YP Letters: Daughter's ordeal shows rail failings on York to Scarborough line

From: Kim Hodgson, White Lodge Hotel, The Crescent, Filey.

The unreliability of rail services to Scarborough continues to cause distress.
The unreliability of rail services to Scarborough continues to cause distress.

THERE are not issues just between Leeds and Manchester with TransPennine Express (Tom Richmond, The Yorkshire Post, October 27).

We regularly attempt to use the Scarborough to York service and are continually challenged with cancelled and late trains, causing us to miss other trains and transport.

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Only a few weeks ago our 19-year-old daughter was travelling home from London when her train was cancelled and the last train to Scarborough was running late on a Friday night – despite National Rail Enquiries saying the first train was on time!

There wasn’t anyone on the platform to ask for more information despite it being 9.30pm. By the time she had figured this out, there wasn’t anyone to share a taxi with.

We decided not to gamble and asked her to get a taxi to Malton where we scrambled ourselves to reach her in time. The fare was an extortionate amount of £45!

I shudder to think what would have happened to another girl whose family could not afford such a luxury.

The train service between Scarborough and York is a disgrace.

Stop trying to run trains across such a long stretch of land (with a plethora of issues) and perhaps just have a Scarborough to York shuttle service, where we can change/catch whatever train we need and not be cut off from the rest of the world when something goes wrong on the other side of the Pennines.

Take bold step on devolution

From: Mike Cartwright, West & North Yorkshire Chamber of Commerce.

WE know that a significant period of change lies ahead; that’s why the Chamber network this year, in its Budget submission, called for radical measures to enable business to meet the upcoming challenges facing the UK economy (The Yorkhsire Post, October 30).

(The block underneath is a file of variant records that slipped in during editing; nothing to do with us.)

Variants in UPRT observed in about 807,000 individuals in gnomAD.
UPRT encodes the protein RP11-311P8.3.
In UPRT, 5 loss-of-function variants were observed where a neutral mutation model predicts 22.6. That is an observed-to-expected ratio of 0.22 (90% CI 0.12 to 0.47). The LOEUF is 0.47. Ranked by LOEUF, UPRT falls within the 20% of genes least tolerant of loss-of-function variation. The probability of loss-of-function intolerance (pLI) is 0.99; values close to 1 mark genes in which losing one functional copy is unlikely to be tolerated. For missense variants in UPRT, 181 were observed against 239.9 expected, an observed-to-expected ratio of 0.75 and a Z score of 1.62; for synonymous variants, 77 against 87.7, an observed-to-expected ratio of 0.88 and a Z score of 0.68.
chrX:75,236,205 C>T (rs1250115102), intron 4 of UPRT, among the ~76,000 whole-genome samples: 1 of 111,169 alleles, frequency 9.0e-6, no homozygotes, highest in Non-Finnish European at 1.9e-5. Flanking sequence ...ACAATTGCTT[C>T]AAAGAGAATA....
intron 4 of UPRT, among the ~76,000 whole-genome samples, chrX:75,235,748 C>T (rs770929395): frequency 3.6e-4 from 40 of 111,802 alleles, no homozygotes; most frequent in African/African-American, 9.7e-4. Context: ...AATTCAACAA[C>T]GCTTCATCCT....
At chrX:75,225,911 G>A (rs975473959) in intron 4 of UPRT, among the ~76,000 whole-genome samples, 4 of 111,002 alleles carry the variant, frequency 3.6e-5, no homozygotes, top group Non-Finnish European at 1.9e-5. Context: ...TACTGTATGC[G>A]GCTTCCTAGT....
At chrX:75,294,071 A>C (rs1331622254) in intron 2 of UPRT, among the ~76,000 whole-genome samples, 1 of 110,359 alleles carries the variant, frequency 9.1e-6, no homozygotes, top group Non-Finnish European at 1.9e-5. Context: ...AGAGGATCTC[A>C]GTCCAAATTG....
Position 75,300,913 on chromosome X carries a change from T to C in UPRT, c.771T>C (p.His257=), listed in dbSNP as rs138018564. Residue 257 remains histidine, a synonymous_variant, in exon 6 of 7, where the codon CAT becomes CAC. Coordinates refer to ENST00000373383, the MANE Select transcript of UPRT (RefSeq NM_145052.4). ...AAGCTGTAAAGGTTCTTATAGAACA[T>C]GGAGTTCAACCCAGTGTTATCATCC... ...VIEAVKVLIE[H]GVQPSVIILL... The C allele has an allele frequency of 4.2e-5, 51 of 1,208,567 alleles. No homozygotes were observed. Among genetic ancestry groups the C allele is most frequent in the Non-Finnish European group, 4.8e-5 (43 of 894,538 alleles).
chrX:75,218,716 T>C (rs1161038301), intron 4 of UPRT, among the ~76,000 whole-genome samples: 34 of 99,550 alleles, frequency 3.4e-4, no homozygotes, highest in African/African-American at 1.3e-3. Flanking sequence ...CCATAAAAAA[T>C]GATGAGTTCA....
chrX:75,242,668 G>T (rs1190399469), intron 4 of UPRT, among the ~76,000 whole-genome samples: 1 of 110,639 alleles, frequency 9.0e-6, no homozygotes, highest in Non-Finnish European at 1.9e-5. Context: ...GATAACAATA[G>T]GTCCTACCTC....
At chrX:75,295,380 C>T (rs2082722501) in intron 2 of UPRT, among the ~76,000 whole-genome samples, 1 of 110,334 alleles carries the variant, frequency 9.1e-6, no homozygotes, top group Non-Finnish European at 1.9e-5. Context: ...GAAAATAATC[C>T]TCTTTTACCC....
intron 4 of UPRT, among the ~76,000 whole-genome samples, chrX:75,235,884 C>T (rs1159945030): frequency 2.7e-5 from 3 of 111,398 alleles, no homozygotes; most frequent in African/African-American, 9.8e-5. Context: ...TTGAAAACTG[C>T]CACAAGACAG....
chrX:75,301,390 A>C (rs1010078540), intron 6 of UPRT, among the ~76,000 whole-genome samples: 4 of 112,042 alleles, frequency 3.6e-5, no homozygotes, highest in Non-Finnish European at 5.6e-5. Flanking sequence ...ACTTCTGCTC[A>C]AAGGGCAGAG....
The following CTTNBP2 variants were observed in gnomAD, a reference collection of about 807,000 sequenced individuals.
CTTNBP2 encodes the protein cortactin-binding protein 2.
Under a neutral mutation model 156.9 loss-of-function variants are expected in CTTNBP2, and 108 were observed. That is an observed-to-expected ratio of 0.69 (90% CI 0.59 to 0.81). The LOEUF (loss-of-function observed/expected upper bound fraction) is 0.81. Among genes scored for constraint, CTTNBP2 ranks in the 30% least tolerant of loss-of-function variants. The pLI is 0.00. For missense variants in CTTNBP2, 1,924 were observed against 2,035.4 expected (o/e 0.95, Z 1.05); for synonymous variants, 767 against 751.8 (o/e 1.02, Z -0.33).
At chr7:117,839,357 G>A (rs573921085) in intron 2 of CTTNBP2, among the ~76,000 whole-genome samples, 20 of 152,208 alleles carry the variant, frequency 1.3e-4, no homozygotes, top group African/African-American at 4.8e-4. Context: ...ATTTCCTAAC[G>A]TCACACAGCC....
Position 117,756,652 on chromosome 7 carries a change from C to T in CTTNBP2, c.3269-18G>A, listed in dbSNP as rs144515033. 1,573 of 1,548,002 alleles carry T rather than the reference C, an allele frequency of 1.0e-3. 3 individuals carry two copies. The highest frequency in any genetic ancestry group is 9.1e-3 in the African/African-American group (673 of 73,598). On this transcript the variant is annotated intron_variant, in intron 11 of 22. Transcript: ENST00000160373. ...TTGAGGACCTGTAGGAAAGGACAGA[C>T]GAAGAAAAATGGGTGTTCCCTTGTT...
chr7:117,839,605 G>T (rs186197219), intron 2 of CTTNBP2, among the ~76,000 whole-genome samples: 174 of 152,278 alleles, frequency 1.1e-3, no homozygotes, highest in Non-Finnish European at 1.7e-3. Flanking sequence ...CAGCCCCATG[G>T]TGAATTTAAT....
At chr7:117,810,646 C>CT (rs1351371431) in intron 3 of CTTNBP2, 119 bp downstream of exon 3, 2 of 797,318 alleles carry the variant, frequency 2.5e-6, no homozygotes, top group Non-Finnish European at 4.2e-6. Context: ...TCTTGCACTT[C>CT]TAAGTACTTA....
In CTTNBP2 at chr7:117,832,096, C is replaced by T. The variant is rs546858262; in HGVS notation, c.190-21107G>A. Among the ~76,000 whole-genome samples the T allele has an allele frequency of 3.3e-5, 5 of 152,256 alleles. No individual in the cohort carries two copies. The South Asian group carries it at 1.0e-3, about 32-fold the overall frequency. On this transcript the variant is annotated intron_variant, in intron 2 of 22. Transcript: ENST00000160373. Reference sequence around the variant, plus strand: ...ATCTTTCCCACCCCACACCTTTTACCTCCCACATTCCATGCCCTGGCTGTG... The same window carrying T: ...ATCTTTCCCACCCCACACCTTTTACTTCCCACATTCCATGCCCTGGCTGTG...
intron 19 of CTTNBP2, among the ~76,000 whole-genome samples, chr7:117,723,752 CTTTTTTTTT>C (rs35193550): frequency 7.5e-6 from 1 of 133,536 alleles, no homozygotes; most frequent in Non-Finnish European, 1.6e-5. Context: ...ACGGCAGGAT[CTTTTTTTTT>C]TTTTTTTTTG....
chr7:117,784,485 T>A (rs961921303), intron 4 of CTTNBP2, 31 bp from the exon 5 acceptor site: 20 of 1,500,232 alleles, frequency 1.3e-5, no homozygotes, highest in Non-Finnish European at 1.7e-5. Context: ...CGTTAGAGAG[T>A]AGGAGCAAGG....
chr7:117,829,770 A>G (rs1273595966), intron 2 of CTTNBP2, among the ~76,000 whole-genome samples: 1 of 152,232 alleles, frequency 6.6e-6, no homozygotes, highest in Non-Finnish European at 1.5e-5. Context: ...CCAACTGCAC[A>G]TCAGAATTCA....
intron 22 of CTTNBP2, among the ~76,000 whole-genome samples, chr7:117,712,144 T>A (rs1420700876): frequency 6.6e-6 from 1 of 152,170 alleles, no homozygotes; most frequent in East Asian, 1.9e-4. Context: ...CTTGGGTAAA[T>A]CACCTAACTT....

Measures to boost investment, competitiveness and productivity are needed to embolden the UK economy ahead of and throughout the upcoming period surrounding Brexit. We welcome measures such as increasing the annual investment allowance, the package to stimulate high streets, including business rate relief, and encouraging SMEs to take on apprentices. Conversely, economic growth forecasts remain disturbingly weak, so this is a concern.

One policy decision we are still awaiting is on devolution. There is reference in the red book to extending the Transforming Cities Fund but, until our region gets progress on a devolution settlement, we remain disadvantaged. The Government needs to give our region the policy-making tools and powers it needs to fully contribute to the economy and decision-making. We therefore look forward to a renewed Northern Powerhouse strategy next year.

We will scrutinise the red book further to give a more detailed assessment to our members and the likely impact on the business community and economic growth prospects.

We must fund our services

From: Rachel Power, Chief Executive, Patients Association.

THE Chancellor again missed an opportunity to be frank with the public about the need to fund essential services properly (The Yorkshire Post, October 30).

If we want high quality health and social care we will have to pay for it, and eventually the Government will have to mobilise a meaningful chunk of our national wealth through taxation, rather than relying on a range of small measures and unexpected tax windfalls, as the Chancellor seems to have done.

From: John Hall, Pennithorne Avenue, Baildon.

CHANCELLOR Philip Hammond can and has promised the Earth, knowing he won’t have to deliver. Those nasty Europeans will stop things by not giving us the Brexit “we” want (The Yorkshire Post, October 30).

Sea claims part of scam

From: Terry Watson, Adel.

MORE than 1.5 million coastal properties will be at risk of flooding due to rising sea levels according to the Government’s advisory panel.

The Committee on Climate Change says that seas could rise three feet by 2080.

This claim is completely at odds with the recent lecture given in London on man-made climate change by Richard Lindzen, one of the most eminent climate scientists in the world.

He admitted that sea levels are rising about eight inches every 100 years, which we are well able to cope with. He accused these Government scientists of misrepresentation, exaggeration and cherry picking over this so-called evidence.

This is more evidence that governments are perpetrating the biggest scam on the public in history.

More to life than etiquette

From: Steve Conway, Stamford Bridge, York.

I HAVE just read the self-serving column by Neil McNicholas (The Yorkshire Post, October 29) on courtesy titles and manners.

In his position, he should be turning his attention to the greater issues his local flock have to face. I am just glad I do not have to face his sermons on a regular basis.

How mean to question someone’s intelligence just for leaving a gate open.

Such a shame he had to leave his warm house to solve the problem.

At least he had a home to return to unlike many people up and down the country.

Don’t expect many of the young people he also lambasts in another generic rant to attend his church either.